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And They Called It Puppy Love

MOVIE REVIEW
Wendy and Lucy (2008)

WENDYANDLUCY2
Simon Max Hill/Oscilloscope Laboratories

“Wendy and Lucy” is the simple story of a girl and her puppy, but it may well be the best girl-and-pup movie ever made. Michelle Williams stars as Wendy, a drifter en route to Alaska whose junkyard car gives out in the middle of Oregon. She manages to get arrested for shoplifting from a grocery store, and upon her release she can no longer locate her pet dog and traveling companion, Lucy. For the remainder of the film, Wendy wanders through small towns and the Oregonian wilderness, trekking across parking lots and railroad tracks in hopes of finding Lucy.

Following the critical success of her 2006 feature “Old Joy,” writer-director Kelly Reichardt strikes again with another minimalist, meditative and yet totally rewarding experience. “Wendy and Lucy” played at the Cannes, Toronto and New York film festivals. Although the small independent production will likely only reach a limited audience, look for Ms. Williams to generate sizable Oscar buzz for her gritty, no-frills performance in this essentially one-woman show. The “Dawson’s Creek” alumnus has been steadily getting supporting roles in movies such as “Brokeback Mountain” and “Synecdoche, New York,” but here she finally has a chance to shine. Perhaps still grieving over the death of ex-husband Heath Ledger, Ms. Williams commands the film with both strength and determination. Her character will stay with you long after the search for Lucy and the movie itself come to an end.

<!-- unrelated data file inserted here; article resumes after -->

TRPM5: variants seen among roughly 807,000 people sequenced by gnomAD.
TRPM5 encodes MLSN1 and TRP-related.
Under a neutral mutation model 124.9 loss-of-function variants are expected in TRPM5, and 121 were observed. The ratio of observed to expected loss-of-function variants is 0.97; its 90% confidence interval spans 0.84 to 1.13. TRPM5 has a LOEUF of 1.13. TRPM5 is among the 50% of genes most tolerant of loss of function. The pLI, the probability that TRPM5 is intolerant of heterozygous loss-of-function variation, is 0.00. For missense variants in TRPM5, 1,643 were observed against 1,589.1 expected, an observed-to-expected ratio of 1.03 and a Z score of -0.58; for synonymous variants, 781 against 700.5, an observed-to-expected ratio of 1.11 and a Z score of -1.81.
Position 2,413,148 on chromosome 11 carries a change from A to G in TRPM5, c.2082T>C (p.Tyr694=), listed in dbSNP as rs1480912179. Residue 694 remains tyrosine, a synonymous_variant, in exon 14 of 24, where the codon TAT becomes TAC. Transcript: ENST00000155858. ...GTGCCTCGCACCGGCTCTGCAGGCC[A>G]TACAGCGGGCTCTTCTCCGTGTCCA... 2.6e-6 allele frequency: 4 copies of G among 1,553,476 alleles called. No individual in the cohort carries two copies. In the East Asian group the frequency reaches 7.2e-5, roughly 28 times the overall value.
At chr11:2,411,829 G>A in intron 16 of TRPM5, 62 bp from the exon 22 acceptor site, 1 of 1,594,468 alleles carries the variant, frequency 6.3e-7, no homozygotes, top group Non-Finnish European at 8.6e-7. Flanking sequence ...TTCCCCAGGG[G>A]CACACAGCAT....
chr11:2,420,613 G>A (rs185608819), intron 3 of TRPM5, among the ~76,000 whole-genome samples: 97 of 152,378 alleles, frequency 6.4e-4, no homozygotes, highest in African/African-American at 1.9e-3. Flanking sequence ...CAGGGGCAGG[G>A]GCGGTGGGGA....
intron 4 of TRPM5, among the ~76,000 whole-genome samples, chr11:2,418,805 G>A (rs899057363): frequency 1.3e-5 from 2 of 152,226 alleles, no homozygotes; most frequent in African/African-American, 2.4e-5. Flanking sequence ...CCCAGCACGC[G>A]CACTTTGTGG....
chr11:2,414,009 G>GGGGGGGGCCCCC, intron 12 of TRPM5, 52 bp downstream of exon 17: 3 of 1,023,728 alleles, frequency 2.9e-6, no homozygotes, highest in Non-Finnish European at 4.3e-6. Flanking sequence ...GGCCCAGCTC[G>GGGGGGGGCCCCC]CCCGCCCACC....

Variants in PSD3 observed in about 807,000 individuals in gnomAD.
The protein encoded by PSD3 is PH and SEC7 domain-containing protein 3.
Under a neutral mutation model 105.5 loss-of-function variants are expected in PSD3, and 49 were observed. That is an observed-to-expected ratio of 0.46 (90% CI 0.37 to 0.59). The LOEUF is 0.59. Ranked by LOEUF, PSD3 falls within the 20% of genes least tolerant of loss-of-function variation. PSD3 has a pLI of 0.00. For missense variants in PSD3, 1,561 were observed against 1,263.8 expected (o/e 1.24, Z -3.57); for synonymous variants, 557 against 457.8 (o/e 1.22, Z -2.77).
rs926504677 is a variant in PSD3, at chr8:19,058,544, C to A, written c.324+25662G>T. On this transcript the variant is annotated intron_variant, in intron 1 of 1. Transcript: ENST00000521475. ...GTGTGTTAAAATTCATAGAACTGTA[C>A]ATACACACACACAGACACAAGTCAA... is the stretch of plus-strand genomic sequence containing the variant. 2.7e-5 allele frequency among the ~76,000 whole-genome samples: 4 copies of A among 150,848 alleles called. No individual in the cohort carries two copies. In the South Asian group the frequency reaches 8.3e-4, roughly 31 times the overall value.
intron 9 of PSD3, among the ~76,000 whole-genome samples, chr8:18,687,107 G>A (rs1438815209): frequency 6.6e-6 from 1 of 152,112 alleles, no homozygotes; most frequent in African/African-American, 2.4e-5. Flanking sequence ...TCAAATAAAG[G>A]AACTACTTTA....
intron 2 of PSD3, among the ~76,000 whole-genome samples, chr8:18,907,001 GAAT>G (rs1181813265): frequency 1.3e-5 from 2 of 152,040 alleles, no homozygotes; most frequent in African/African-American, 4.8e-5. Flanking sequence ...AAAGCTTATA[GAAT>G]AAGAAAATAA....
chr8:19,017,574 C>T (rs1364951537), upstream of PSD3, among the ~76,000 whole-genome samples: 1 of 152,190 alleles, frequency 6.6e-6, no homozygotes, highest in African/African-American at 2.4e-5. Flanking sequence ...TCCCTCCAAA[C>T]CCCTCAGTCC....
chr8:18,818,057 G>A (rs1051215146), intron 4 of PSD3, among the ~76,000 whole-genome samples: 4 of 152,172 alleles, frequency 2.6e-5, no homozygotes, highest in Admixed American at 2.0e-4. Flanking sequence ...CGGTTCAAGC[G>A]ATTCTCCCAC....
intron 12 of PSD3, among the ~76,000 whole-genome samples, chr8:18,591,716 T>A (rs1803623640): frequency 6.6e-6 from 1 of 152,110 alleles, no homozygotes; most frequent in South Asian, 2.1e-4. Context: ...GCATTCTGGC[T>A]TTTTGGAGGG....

It’s easy to dismiss “Wendy and Lucy” as a chick flick, and indeed it’s a movie about a woman and her dog. But it’s actually more accurate to describe the film as about the dynamics between man (in this case, woman) vs. nature. It’s an existential journey in which the protagonist braves the harsh elements and severe poverty in hopes of reuniting with (wo)man’s best friend. Ms. Reichardt’s previous film “Old Joy” – about two long-time buddies going on a male-bonding camping trip only to discover they have nothing in common after all – was the thinking man’s “Sideways.” And with “Wendy and Lucy,” Ms. Reichardt again gives the guys (and girls) much to mull over. It’s a really simple story, but humanity, companionship and will power aren’t that complicated either.

WENDY AND LUCY

Opens on Dec. 10 in New York and on Feb. 6, 2009 in Britain.

Directed by Kelly Reichardt; written by Ms. Reichardt and Jon Raymond, based on the short story “Train Choir” by Mr. Raymond; director of photography, Sam Levy; edited by Ms. Reichardt and Mike Burchett; music by Will Oldham; produced by Neil Kopp, Anish Savjani and Larry Fessenden; released by Oscilloscope Laboratories. This film is rated R by M.P.A.A.

WITH: Michelle Williams (Wendy), Will Patton (Mechanic), John Robinson (Andy), Will Oldham (Icky), Walter Dalton (Security Guard) and Larry Fessenden (Man in Park).

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